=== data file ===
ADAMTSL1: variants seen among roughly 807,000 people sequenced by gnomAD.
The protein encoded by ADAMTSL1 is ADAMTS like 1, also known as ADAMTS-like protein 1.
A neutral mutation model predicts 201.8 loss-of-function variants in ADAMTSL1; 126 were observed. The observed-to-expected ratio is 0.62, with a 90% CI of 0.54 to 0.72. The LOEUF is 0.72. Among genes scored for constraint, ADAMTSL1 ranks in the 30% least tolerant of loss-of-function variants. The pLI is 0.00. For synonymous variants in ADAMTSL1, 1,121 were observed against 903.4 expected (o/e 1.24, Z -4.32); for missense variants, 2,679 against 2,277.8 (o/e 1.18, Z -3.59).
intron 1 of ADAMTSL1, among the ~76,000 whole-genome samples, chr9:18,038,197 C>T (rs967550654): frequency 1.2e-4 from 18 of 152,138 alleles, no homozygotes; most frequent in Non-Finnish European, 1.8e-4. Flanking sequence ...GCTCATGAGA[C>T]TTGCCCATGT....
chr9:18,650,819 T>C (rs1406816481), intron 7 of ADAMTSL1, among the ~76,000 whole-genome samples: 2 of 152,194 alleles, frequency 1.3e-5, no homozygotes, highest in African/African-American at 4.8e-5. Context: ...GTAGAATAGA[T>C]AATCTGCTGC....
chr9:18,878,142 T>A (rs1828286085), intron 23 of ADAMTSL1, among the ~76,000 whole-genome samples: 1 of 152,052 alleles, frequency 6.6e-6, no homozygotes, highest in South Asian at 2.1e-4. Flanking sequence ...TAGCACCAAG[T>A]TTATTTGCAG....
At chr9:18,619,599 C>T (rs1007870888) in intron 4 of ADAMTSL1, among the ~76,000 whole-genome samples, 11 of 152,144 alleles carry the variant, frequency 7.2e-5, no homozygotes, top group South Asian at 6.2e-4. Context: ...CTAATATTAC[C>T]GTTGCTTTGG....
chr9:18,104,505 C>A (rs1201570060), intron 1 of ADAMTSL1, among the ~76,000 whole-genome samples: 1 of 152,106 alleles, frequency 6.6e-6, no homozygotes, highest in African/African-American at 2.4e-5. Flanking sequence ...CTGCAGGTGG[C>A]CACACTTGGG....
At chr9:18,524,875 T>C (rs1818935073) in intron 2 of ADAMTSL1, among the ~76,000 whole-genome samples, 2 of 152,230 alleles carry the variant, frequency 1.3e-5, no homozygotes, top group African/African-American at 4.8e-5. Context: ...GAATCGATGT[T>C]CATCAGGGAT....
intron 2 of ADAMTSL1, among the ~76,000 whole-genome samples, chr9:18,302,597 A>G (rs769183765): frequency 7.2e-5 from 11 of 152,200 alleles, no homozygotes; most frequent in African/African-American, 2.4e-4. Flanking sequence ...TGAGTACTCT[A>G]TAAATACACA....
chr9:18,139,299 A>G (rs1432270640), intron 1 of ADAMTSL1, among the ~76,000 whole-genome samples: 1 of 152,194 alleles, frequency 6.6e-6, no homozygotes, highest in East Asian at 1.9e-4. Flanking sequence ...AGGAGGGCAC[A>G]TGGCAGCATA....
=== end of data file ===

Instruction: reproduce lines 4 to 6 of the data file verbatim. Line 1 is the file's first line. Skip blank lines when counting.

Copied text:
intron 1 of ADAMTSL1, among the ~76,000 whole-genome samples, chr9:18,038,197 C>T (rs967550654): frequency 1.2e-4 from 18 of 152,138 alleles, no homozygotes; most frequent in Non-Finnish European, 1.8e-4. Flanking sequence ...GCTCATGAGA[C>T]TTGCCCATGT....
chr9:18,650,819 T>C (rs1406816481), intron 7 of ADAMTSL1, among the ~76,000 whole-genome samples: 2 of 152,194 alleles, frequency 1.3e-5, no homozygotes, highest in African/African-American at 4.8e-5. Context: ...GTAGAATAGA[T>C]AATCTGCTGC....
chr9:18,878,142 T>A (rs1828286085), intron 23 of ADAMTSL1, among the ~76,000 whole-genome samples: 1 of 152,052 alleles, frequency 6.6e-6, no homozygotes, highest in South Asian at 2.1e-4. Flanking sequence ...TAGCACCAAG[T>A]TTATTTGCAG....